Winding up Your Business for Better or Worse- The role of liquidators
Winding up a business requires the liquidation of all that business’ assets. The reason for winding up a business could either be that the company is insolvent (can’t pay all of its debts) or its members want to end the company’s existence.
How do you wind up a business?
Liquidation is the only way to fully wind up (end) the operations of the company whilst breaking down the company’s structure, undertaking appropriate investigations and paying all of its debts. Having an independent party undertake the liquidation process protects creditors’, directors’ and members’ interests.
If your company is insolvent it will either be wound up by its members and creditors voluntarily or involuntarily as a court order (court liquidation) because the business has not been able to pay one or more creditors, and the period of non-payment has been longer than the legal time allowed.
Even though a company may have a large number of assets it can still be deemed to be insolvent because the directors are unable to liquidate these assets quickly (e.g. a building/land).
Solvent companies can also be wound up by the Court on an application by its directors or members. This usually occurs when there is a conflict in the leadership of the company and the parties are unable to resolve that conflict or cannot agree to appoint a liquidator voluntarily.
Who winds up a company?
Liquidators are the ones who actually wind up the business; they are specialist accountants. A liquidator will have the same level of powers as the directors and can examine directors and employees, sell assets, identify void transactions, pay debts and distribute any leftover monies to shareholders. The directors cease to have any authority. All bank accounts are frozen, all employment can be terminated, but necessary labor may be rehired by the liquidator. Once they are finished they will report to the ASIC and deregister the company. Generally a company will still trade whilst in liquidation so that it is easier for the liquidators to sell.
What do directors need to do?
The directors must supply all of the information about the company’s affairs and provide a Report detailing the assets and liabilities of the company and a Director’s Questionnaire. The directors must also deliver all company books and records and cooperate with the liquidator throughout the liquidation. Should directors not co-operate they may be penalised.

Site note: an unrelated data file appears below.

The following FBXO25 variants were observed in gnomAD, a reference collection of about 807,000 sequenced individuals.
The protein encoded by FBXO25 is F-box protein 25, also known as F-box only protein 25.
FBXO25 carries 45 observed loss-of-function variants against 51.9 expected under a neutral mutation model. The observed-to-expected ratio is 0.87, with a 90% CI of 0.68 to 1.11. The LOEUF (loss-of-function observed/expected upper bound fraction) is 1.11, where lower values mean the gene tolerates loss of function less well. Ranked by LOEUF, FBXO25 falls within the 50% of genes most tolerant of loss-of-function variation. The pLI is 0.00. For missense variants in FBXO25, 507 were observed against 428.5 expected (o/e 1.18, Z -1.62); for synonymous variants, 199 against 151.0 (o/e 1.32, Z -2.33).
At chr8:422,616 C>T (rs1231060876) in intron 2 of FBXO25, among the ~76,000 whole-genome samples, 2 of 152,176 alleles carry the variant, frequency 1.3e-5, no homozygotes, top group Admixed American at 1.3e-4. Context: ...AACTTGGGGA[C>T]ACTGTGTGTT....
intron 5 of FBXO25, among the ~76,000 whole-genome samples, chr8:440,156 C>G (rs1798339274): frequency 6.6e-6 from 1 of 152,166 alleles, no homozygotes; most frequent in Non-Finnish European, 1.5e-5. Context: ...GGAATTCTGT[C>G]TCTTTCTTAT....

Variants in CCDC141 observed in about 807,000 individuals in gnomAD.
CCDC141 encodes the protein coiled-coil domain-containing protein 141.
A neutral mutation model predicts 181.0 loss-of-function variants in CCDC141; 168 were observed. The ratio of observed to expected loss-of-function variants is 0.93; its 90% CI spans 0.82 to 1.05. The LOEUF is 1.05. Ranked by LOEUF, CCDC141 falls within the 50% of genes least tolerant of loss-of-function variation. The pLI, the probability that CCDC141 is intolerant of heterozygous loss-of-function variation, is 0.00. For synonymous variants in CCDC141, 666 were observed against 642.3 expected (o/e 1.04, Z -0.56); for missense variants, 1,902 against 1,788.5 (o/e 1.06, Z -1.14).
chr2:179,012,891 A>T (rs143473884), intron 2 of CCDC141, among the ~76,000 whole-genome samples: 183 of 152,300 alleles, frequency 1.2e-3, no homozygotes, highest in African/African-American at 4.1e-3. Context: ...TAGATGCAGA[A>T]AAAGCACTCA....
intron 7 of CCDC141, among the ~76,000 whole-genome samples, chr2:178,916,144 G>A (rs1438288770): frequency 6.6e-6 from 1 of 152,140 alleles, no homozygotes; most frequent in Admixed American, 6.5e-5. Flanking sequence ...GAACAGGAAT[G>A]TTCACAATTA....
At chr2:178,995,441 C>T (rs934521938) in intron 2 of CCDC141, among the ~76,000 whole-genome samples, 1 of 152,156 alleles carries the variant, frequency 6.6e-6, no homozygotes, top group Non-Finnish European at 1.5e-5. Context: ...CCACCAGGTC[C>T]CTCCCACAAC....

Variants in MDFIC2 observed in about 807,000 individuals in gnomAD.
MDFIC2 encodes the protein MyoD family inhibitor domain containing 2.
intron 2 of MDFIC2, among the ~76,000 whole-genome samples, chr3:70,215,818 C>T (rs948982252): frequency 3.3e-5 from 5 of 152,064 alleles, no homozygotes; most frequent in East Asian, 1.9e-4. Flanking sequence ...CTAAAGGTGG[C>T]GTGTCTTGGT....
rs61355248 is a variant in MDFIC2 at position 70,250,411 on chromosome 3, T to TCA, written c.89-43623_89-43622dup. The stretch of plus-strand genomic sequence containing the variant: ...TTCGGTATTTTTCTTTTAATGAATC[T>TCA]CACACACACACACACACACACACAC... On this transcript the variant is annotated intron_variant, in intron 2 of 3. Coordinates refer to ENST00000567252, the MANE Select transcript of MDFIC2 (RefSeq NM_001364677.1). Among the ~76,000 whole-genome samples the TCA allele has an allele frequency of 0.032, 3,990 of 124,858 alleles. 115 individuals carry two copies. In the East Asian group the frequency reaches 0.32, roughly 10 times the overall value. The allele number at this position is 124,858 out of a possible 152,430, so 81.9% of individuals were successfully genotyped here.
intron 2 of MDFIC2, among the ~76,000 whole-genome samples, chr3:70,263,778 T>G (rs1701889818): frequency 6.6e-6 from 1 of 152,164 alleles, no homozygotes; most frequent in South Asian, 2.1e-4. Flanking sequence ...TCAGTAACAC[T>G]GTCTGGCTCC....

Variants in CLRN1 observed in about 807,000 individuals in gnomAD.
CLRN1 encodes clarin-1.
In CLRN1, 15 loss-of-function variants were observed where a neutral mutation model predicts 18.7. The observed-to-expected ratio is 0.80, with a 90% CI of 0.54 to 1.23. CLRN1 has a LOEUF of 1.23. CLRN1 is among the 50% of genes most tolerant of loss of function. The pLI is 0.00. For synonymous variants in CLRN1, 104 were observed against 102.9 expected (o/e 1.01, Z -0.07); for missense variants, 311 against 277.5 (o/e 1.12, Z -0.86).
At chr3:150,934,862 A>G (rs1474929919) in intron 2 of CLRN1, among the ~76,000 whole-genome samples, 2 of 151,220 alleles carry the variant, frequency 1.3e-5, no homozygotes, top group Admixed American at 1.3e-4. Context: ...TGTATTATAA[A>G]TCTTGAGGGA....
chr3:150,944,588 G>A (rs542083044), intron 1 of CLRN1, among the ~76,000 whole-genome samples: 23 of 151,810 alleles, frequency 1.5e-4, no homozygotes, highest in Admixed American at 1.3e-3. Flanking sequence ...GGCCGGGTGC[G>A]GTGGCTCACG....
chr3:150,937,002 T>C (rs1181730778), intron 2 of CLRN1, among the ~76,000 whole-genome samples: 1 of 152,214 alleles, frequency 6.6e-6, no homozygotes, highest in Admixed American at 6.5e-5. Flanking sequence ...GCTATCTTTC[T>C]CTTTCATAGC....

Can a liquidator attack the director’s personal assets?
No. The liquidator can only take possession of the company’s assets. However, if the liquidator can prove that company assets have been taken by the directors, the liquidator may recover those assets. If the company has loaned money to the directors, the liquidator will seek to recover these monies.
If the liquidator can prove an insolvent trading claim against a director, he may make that director personally liable to compensate the company and, if necessary bankrupt them. This will allow a trustee in bankruptcy access to the director’s assets to satisfy the claim of the liquidator.
What is the effect on personal guarantees?
Personal guarantees executed by directors and other parties are not affected by liquidation, as a guarantee is an arrangement between the creditor and the guarantor personally.
How long does the liquidation last?
There is no set time limit. The liquidation lasts for as long as is necessary to complete all of the tasks, but the liquidator will usually try to finalize the liquidation as soon as possible.
How does the liquidation end?
The liquidation ends when either:
(a) the company is dissolved by Court Order on the application of the liquidator;
(b) the company is struck off the register of companies by the ASIC; or
(c) the winding up is set aside or stayed by the Court.
If you are looking to wind up a business, we at the Quinn Group are able to help you. For more information on liquidation, contact us on 1300 QUINN or click here to submit an online enquiry.